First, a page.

International program gets light, heat
By Joel Ceausu
Last week’s Sir Wilfrid Laurier School Board (SWLSB) council meeting was a long affair.
Recruiting students from abroad has become popular with Quebec’s budget-slashed school boards, eager to fill dwindling coffers with yuan and rupees from Asian families keen on giving their kids a leg up, while using hard cash from the developing world to buttress Canadian students’ educations.
Last month, SWLSB piggybacked on a trip to India and China scheduled by Lester B. Pearson School Board (LBPSB)—an old hand at recruiting foreign students. As previously reported in The Suburban, the trip earned outrage from some commissioners because it was never officially announced at a public council meeting, and chairman Nick Milas went to India courtesy of private Toronto-based consulting firm Edu-Edge, which the public board has partnered with to recruit clients, and gone into business with a health program.
Director-general Stephanie Vucko said the trip’s efforts will help the board earn more than $640,000 in profit this year, but a private firm funding the chairman’s trip rattled commissioner Mike Pizzola, who suggested Milas or the board reimburse them.
The issue saw no debate, as commissioner Emilio Migliozzi moved to “postpone it indefinitely,” swiftly supported by a majority and effectively—given council’s expiration this month—burying the issue for now.
Council might not be looking at it, but the board’s own ethics commissioner apparently is.
Vucko maintained it was important for the chairperson to be there. “Seeing the chairman there on the ground, that is something that is respected,” she said. “It helps with the buy-in.”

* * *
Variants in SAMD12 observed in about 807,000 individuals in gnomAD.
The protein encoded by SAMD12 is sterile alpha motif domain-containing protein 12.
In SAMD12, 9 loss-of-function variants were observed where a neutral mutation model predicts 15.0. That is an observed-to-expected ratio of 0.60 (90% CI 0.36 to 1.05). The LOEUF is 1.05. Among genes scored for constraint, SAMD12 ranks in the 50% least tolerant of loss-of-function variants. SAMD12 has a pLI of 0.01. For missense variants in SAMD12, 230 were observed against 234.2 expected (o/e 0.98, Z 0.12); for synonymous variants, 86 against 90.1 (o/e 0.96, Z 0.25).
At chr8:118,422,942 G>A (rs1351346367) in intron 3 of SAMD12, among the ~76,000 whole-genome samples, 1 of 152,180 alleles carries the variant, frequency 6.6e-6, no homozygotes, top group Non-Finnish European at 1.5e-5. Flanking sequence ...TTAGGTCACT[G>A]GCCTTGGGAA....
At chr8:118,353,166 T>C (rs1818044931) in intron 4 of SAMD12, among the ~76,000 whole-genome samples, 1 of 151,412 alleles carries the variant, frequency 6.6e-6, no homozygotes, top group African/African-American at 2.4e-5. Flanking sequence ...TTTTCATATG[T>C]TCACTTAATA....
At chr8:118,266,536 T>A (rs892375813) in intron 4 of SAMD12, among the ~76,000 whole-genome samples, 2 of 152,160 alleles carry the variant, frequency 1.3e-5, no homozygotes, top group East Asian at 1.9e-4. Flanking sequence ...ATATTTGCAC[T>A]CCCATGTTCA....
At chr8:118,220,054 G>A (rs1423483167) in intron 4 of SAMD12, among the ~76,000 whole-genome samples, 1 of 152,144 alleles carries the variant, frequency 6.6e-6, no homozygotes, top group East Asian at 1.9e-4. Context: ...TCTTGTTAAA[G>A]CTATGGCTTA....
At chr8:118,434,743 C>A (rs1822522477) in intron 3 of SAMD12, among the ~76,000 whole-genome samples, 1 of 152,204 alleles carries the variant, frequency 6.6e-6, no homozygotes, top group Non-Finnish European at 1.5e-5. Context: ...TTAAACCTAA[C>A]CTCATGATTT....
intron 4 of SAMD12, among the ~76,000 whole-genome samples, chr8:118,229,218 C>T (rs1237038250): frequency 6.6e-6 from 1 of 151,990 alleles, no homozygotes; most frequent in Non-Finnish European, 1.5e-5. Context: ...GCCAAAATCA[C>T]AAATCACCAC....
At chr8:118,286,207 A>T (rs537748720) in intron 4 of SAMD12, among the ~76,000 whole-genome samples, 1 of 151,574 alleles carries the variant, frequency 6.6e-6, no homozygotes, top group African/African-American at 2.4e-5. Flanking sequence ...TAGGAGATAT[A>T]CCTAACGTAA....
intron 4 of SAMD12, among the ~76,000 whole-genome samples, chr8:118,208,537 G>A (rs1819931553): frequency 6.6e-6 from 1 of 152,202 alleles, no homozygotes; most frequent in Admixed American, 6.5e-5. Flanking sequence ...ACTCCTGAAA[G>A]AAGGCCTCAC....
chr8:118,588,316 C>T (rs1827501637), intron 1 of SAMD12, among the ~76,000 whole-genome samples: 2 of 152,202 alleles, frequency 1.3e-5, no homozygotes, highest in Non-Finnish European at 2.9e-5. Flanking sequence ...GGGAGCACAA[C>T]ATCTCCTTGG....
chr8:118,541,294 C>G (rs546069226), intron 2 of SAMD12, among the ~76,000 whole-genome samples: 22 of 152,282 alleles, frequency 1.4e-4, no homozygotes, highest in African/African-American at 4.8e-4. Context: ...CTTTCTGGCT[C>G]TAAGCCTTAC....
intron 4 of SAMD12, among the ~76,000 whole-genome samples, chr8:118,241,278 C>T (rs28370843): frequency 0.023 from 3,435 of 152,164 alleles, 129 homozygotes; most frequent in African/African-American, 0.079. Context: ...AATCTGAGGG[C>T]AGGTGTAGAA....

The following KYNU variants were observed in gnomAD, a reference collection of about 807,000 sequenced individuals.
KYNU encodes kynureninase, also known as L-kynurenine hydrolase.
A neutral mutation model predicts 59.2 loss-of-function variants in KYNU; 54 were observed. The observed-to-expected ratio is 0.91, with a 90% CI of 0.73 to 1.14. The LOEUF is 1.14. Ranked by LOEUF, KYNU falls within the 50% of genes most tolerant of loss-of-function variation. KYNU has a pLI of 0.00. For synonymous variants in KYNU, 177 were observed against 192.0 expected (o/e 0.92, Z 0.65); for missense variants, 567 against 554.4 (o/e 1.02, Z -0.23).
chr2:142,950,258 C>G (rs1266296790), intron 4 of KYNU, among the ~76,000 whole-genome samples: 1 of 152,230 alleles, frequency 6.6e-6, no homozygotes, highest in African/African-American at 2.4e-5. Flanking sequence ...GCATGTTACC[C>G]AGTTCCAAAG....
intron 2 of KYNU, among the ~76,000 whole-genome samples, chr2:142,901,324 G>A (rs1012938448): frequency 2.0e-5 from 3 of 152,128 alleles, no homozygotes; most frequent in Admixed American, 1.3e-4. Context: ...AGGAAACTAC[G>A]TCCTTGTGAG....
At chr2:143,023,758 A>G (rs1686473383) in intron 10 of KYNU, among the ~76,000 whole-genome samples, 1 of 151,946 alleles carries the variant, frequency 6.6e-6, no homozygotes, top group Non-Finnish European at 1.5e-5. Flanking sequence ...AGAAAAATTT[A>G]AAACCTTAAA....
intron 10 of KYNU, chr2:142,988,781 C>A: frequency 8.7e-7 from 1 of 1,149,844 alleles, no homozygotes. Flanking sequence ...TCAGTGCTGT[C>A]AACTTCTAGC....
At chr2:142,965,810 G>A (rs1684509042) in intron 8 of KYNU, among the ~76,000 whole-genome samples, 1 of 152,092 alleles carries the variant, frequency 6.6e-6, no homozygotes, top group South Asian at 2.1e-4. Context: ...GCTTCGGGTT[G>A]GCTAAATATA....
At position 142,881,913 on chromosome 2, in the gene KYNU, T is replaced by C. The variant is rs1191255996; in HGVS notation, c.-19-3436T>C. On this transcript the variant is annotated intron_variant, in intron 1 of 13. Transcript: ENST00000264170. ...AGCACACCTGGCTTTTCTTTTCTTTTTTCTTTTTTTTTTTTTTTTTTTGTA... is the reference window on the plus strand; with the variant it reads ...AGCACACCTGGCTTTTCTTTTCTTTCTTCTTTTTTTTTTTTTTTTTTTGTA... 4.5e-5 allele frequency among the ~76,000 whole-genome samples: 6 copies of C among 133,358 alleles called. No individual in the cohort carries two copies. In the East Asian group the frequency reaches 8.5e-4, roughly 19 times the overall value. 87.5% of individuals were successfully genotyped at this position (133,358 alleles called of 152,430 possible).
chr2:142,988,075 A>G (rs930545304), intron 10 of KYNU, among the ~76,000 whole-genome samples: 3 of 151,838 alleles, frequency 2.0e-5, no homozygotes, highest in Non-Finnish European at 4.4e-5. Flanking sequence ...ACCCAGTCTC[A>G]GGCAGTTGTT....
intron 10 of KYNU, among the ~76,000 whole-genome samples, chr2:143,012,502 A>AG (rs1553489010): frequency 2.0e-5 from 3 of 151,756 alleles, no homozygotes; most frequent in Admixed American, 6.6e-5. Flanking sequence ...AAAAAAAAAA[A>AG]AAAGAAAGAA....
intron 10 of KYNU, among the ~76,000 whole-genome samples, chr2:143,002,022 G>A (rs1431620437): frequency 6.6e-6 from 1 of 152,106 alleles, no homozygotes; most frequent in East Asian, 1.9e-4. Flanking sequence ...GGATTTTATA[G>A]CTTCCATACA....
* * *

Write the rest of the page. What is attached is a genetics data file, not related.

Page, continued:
The board also launched a public-private business partnership with Edu-Edge and the Pearson board to operate a Health Centre with programs in pharmacy assistance, health assistance and nursing, a booming sector says Vucko, given that “homecare is the number one” vocational program in China for targeted clientele.
The ten-year business partnership with Edu-Edge was not open to tender, as it was a new business arrangement and not like a purchase from a supplier, said Vucko. “This is not a service, this is an investment.”
Vucko and Milas offered gratitude to LBPSB and its chair Suanne Stein Day for their generosity in allowing SWLSB to accompany them on their trip and for offering the Laval board the learning experience it needs to make money off foreign students.
Its Laval arrangement now gives it a presence on three distinct school board territories, including its own in the West Island and a downtown operation in English Montreal School Board territory, raising the hackles of that board for what it deems an intrusion onto its exclusive territory.